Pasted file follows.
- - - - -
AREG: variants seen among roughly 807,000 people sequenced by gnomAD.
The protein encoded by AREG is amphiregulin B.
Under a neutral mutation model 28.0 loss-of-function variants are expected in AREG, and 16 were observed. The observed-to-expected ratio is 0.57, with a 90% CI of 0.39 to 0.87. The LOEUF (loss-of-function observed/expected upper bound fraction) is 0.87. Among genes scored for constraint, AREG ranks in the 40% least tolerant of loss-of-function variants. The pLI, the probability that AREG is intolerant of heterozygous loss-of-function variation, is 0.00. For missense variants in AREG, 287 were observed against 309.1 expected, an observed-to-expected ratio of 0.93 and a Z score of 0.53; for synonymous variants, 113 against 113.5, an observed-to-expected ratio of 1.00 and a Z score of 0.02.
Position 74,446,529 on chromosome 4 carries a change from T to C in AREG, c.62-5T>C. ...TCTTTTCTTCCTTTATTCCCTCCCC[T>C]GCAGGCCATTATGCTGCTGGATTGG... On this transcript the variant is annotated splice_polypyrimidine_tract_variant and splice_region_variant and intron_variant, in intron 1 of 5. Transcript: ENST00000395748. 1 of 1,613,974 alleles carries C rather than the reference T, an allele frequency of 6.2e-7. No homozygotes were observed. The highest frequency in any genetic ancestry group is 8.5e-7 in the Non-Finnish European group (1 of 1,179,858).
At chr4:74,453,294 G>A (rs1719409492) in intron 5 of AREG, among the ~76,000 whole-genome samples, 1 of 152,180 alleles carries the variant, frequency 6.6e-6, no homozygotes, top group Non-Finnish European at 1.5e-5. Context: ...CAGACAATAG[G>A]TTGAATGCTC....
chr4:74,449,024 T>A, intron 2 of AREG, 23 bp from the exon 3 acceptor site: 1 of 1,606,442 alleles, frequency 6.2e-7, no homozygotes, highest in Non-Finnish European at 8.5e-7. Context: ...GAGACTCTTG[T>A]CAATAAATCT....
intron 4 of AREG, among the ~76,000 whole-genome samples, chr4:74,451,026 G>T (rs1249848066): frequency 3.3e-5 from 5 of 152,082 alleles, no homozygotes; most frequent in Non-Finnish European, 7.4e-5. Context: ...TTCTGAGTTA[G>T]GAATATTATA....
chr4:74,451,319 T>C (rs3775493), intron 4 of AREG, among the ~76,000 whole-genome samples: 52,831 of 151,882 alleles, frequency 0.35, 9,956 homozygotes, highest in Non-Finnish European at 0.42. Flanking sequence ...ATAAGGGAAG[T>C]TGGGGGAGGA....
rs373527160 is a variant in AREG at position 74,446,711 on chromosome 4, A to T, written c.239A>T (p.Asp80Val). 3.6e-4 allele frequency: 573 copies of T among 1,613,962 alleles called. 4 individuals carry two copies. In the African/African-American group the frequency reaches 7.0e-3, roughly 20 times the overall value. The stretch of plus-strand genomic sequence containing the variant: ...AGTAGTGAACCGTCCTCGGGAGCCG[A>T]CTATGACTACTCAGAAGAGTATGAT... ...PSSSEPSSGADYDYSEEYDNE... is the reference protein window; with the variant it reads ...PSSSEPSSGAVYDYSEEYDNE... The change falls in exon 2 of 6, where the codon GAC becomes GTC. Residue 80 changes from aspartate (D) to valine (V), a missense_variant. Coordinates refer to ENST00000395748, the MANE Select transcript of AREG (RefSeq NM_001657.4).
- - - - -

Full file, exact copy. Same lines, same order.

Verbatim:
AREG: variants seen among roughly 807,000 people sequenced by gnomAD.
The protein encoded by AREG is amphiregulin B.
Under a neutral mutation model 28.0 loss-of-function variants are expected in AREG, and 16 were observed. The observed-to-expected ratio is 0.57, with a 90% CI of 0.39 to 0.87. The LOEUF (loss-of-function observed/expected upper bound fraction) is 0.87. Among genes scored for constraint, AREG ranks in the 40% least tolerant of loss-of-function variants. The pLI, the probability that AREG is intolerant of heterozygous loss-of-function variation, is 0.00. For missense variants in AREG, 287 were observed against 309.1 expected, an observed-to-expected ratio of 0.93 and a Z score of 0.53; for synonymous variants, 113 against 113.5, an observed-to-expected ratio of 1.00 and a Z score of 0.02.
Position 74,446,529 on chromosome 4 carries a change from T to C in AREG, c.62-5T>C. ...TCTTTTCTTCCTTTATTCCCTCCCC[T>C]GCAGGCCATTATGCTGCTGGATTGG... On this transcript the variant is annotated splice_polypyrimidine_tract_variant and splice_region_variant and intron_variant, in intron 1 of 5. Transcript: ENST00000395748. 1 of 1,613,974 alleles carries C rather than the reference T, an allele frequency of 6.2e-7. No homozygotes were observed. The highest frequency in any genetic ancestry group is 8.5e-7 in the Non-Finnish European group (1 of 1,179,858).
At chr4:74,453,294 G>A (rs1719409492) in intron 5 of AREG, among the ~76,000 whole-genome samples, 1 of 152,180 alleles carries the variant, frequency 6.6e-6, no homozygotes, top group Non-Finnish European at 1.5e-5. Context: ...CAGACAATAG[G>A]TTGAATGCTC....
chr4:74,449,024 T>A, intron 2 of AREG, 23 bp from the exon 3 acceptor site: 1 of 1,606,442 alleles, frequency 6.2e-7, no homozygotes, highest in Non-Finnish European at 8.5e-7. Context: ...GAGACTCTTG[T>A]CAATAAATCT....
intron 4 of AREG, among the ~76,000 whole-genome samples, chr4:74,451,026 G>T (rs1249848066): frequency 3.3e-5 from 5 of 152,082 alleles, no homozygotes; most frequent in Non-Finnish European, 7.4e-5. Context: ...TTCTGAGTTA[G>T]GAATATTATA....
chr4:74,451,319 T>C (rs3775493), intron 4 of AREG, among the ~76,000 whole-genome samples: 52,831 of 151,882 alleles, frequency 0.35, 9,956 homozygotes, highest in Non-Finnish European at 0.42. Flanking sequence ...ATAAGGGAAG[T>C]TGGGGGAGGA....
rs373527160 is a variant in AREG at position 74,446,711 on chromosome 4, A to T, written c.239A>T (p.Asp80Val). 3.6e-4 allele frequency: 573 copies of T among 1,613,962 alleles called. 4 individuals carry two copies. In the African/African-American group the frequency reaches 7.0e-3, roughly 20 times the overall value. The stretch of plus-strand genomic sequence containing the variant: ...AGTAGTGAACCGTCCTCGGGAGCCG[A>T]CTATGACTACTCAGAAGAGTATGAT... ...PSSSEPSSGADYDYSEEYDNE... is the reference protein window; with the variant it reads ...PSSSEPSSGAVYDYSEEYDNE... The change falls in exon 2 of 6, where the codon GAC becomes GTC. Residue 80 changes from aspartate (D) to valine (V), a missense_variant. Coordinates refer to ENST00000395748, the MANE Select transcript of AREG (RefSeq NM_001657.4).